Africa can often be a continent of major contradictions, but perhaps especially when it comes to agriculture. The African Development Bank (ADB) released a recent report which stated that the continent contained an astounding 65% of the world’s uncultivated but arable land. Many areas also have an abundance of fresh water. The soil is extremely fertile, and the continent has around 300 days of sunshine every year. And when you look at the working population, in excess of 60% of people work in the agricultural sector in some capacity.
Yet despite that potential, the continent as a whole continues to import much of its food ($64.5 billion in 2017) and many regions continue to suffer annual famines with around five million Africans dying every year from hunger and over a quarter of the population classified as “severely food insecure in 2016”.
To increase efficiency and productivity – and thus hopefully reduce hunger and reliance on imports – many African countries are now looking to data collection and analysis for solutions and creating a new demand and market by doing so.
A lot of Challenges to Face
There are a number of challenges that Africa’s agricultural sector faces. As far as development of uncultivated land is concerned, many areas have poor or no transport links. There may be little in the way of communications, little credit to buy the machinery and seed stock needed to cultivate the land, issues with property rights, endemic corruption at local and national levels, a lack of access to technology, and various other issues.
Many now see the use of data identifying the areas offering the most lucrative prospects as the way to move forward. Coupled with simpler smart phones to be used in situ, data scientists can analyse data from satellite imagery and records of climate and weather patterns to help focus on those initially promising areas.
Another major problem that faces the sector, and also another that technology may offer a solution to, is that many African agricultural products are subject to the overuse of pesticides (or the use of banned pesticides). This means that they do not pass the stringent standards of target markets such as the European Union.
Companies such as Acquahmeyer in Ghana are now using drones to monitor the health of crops so as to allow farmers to reduce their reliance on these pesticides. At $5 to 10 per acre, this is a growing data market across the continent.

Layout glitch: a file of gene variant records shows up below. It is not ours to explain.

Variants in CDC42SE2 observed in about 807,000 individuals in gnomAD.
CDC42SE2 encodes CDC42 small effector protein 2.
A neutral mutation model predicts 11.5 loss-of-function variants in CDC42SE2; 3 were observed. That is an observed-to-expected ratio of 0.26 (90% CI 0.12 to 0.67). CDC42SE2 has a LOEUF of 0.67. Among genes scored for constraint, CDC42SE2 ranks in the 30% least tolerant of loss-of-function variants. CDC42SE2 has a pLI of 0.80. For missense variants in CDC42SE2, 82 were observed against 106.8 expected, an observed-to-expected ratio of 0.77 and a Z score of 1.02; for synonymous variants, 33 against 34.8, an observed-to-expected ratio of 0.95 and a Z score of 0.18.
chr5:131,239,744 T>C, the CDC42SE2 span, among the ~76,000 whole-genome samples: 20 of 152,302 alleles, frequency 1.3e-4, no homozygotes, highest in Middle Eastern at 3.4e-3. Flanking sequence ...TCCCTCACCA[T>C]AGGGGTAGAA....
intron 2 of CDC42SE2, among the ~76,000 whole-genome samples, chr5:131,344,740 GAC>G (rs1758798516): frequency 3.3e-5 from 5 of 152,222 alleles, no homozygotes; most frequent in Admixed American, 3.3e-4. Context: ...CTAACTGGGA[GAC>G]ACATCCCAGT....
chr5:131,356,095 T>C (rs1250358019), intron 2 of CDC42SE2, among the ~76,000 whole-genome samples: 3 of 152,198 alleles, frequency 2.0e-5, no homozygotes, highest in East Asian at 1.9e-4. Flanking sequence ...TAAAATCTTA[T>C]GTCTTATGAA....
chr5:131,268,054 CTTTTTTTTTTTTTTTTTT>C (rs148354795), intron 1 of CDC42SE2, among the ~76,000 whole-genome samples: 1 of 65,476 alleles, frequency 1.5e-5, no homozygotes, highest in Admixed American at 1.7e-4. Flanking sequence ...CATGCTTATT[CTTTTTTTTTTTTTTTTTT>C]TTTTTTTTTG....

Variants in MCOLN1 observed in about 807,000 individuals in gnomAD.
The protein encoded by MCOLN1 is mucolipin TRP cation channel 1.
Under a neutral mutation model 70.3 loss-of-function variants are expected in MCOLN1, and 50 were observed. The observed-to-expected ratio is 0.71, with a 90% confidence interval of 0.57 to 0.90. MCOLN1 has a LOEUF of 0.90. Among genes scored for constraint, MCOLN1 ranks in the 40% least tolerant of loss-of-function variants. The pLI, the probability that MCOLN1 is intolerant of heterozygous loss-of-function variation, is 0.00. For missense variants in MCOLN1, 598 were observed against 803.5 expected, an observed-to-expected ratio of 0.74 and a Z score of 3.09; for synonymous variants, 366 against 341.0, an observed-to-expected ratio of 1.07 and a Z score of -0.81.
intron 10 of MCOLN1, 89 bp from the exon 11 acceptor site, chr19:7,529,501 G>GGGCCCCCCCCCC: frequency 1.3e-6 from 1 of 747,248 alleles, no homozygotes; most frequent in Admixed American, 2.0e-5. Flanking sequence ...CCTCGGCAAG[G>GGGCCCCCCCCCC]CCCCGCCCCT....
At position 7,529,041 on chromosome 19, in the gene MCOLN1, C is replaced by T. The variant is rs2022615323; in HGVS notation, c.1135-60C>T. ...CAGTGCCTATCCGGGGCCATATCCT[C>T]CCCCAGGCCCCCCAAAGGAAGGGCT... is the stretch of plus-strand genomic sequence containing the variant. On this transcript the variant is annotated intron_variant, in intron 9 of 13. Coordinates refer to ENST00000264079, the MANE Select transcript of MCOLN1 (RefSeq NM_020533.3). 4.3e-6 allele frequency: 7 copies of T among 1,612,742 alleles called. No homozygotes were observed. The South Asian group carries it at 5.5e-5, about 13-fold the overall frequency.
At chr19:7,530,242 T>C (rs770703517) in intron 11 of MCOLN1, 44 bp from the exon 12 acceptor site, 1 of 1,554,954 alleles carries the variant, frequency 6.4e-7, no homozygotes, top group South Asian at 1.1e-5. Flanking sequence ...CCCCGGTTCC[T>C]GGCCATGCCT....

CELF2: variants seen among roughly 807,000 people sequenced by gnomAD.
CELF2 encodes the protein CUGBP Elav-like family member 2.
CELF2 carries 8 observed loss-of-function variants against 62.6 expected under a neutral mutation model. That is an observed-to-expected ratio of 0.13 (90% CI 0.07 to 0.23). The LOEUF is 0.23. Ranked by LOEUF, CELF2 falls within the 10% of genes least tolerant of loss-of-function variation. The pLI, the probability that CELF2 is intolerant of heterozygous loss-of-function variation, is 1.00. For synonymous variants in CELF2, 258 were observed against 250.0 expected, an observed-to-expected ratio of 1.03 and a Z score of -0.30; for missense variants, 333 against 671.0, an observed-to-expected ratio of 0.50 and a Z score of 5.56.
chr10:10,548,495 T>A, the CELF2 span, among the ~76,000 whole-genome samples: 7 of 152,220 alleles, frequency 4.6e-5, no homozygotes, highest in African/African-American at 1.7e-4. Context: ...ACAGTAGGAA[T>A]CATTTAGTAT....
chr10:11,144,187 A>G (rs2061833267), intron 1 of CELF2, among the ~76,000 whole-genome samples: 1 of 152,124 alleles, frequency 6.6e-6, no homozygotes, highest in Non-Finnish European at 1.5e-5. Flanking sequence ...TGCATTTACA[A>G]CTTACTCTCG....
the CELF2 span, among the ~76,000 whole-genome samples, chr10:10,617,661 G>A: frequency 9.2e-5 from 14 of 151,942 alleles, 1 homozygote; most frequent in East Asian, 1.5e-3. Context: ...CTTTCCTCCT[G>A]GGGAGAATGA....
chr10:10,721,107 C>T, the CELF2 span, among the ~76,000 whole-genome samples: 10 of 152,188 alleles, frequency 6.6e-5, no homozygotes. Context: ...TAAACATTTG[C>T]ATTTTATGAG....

The ADB are also investing in data and data collection. As of 2018, they had launched a drone programme partnering with the Tunisian government and the city of Busan in South Korea. The programme will include training 32 young Tunisians on how to pilot drones and collect agricultural data.
South African startup, Zindi, is another African company looking to harness data to improve agricultural yields. They use their platform to host competitions that brings together over 9,000 African data scientists to crunch numbers and data from satellite imagery and other sources to provide real solutions on – and in – the ground.
But it is also about different data sets being harnessed to improve agriculture. In Nigeria, the government are undertaking a major registration programme to include its farmers on an electronic wallet system. This will allow the government to make grants and subsidy payments, share information on better farming practices, and help improve the continental supply chain.
Monsanto Has Established Data Sharing Agreements: Good News for Africa?
Multinational conglomerate, Monsanto, has already established data sharing agreements with the American agricultural machinery producer, Agco. They also launched Climate FieldView in 2018, a tool specifically designed to collect and exploit agricultural data from across Africa. Given Monsanto’s track history, there are justifiable worries that while African NGOs seek to reduce hunger and poverty by increasing crop yields.
Hopefully, the Pan-African efforts by various parties will continue to yield promising results.
Photos : blogs.worldbank.org / idss.mit.edu / agroinformatics.org